12 for 2020: ‘Black Country, New Road’

Formed from the embers of fleeting side project (Nervous Conditions), Black Country, New Road hail from Cambridge. Although geography may not be their speciality, music most definitely is, and so is art. The sleeve of their ‘Sunglasses’ 7-inch is homemade by the group with an intriguing glossy image lovingly glued onto black cardstock. The proportions are so accurate that without feeling it, anyone would assume it was factory made. The music is a bizarre mix of post-punk, jazz, spoken word and experimental rock. Yet it works perfectly. 

Last year, the 7-inch of BCNR’s debut single ‘Athens, France’ sold out within days, and for very good reason. The track is a 6-minute epic produced by Dan Carey of Speedy Wunderground. Filled with postmodernist lyrics, luscious orchestration and a time-shifting structure more akin to classical music than rock, the group prove they have no fear when it comes to experimentation. The track builds into a dense and beautiful climactic march. Having this structure is incredibly brave, and was much needed in the (mostly) uninspired age of 2019. Isaac Wood’s vocals tend to be either a tense whisper, or a confident spoken word. 

In other tracks they shift to a more deranged delivery; showcased well in their newest offering, ‘Sunglasses’. Lyrically a sporadic ramble, Wood jumps between different topics in the space of a sentence. Most likely written using Burroughs’ famous cut-up technique. It is a captivating, yet unsettling piece in the depths of hypnotising territory. The guitars on the cut have a real Slint ‘Spiderland‘ feel to them (‘Don, Aman’).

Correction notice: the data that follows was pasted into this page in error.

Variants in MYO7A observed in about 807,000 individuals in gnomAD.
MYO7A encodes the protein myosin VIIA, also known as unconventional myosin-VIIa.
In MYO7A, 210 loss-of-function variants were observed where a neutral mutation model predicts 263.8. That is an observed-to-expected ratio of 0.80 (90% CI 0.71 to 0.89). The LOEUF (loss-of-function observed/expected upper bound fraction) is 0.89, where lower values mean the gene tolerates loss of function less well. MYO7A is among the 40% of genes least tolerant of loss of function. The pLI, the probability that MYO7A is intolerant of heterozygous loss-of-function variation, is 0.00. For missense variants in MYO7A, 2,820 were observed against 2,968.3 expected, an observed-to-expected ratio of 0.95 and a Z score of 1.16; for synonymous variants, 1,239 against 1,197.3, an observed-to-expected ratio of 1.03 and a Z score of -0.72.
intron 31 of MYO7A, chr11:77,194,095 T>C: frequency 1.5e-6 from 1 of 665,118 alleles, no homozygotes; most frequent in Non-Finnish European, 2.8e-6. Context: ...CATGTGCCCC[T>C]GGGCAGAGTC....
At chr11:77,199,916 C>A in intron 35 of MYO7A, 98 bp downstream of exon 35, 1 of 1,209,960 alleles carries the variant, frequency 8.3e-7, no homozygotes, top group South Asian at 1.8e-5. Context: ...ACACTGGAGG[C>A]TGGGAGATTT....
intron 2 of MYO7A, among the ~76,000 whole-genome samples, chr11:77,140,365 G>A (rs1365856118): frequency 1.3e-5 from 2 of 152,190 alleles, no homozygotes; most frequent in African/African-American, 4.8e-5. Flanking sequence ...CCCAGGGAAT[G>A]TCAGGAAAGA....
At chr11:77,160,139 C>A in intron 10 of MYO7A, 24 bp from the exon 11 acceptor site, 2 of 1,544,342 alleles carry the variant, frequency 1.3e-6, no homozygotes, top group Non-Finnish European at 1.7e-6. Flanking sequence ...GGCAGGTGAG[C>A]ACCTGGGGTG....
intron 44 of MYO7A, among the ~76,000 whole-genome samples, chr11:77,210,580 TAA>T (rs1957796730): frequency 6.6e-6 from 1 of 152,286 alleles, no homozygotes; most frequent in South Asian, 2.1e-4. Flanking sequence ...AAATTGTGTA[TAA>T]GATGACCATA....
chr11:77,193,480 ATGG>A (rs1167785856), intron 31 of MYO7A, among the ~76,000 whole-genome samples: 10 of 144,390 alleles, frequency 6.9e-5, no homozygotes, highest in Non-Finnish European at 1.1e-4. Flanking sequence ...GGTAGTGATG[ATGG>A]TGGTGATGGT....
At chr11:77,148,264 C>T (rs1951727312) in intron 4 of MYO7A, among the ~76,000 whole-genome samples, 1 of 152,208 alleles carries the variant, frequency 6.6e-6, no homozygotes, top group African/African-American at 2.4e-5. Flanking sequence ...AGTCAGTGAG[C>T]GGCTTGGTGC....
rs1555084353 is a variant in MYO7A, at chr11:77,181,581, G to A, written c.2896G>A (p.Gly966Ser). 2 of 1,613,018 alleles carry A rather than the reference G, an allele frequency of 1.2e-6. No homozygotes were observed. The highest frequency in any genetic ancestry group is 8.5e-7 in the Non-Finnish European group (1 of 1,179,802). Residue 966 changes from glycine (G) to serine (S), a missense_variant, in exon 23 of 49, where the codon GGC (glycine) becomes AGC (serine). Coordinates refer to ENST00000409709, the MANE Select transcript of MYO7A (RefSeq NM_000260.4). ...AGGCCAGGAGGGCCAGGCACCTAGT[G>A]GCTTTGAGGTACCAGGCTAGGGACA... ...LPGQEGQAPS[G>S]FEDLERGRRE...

They shift this to new levels in their live sets. The unreleased material is yet more gratifying. Two particular cuts sound like they come from vaudeville theatre productions. Georgia Ellery plays Russian like violin, while Charlie Wayne plays tribal drums, leading the rest of the group to battle. Together they produce a canvas for the rest of the band to paint on. 

On another track, Wood delivers a monologue about social media and YouTube algorithms. He has a haunting way of rolling his eyes as he delivers this. Not dissimilar to Joy Division’s Ian Curtis. Lewis Evans makes his sax sing as he plays nonconformist free jazz on some of their best cuts. May Kershaw’s keys are textural and futuristic, complementing Wood’s ‘Black Mirror’ like lyrics to a tee. Tyler Hyde’s bass lines are jagged and unforgiving. The guitar tones are reminiscent of those on a Velvet Underground or Television record. The members are also multi talented. Ellery has starred in Mark Jenkin’s film ‘Bait’ and leads in the electronic group ‘Jockstrap’. On the other side of the spectrum Evans has released an art pop album under the name ‘Good With Parents’. With a mere two singles behind them, 2020 is the year Black Country take the reigns.

KEY TRACK: ‘Sunglasses’ 

FOR FANS OF: Black Midi, Television, James Chance, Slint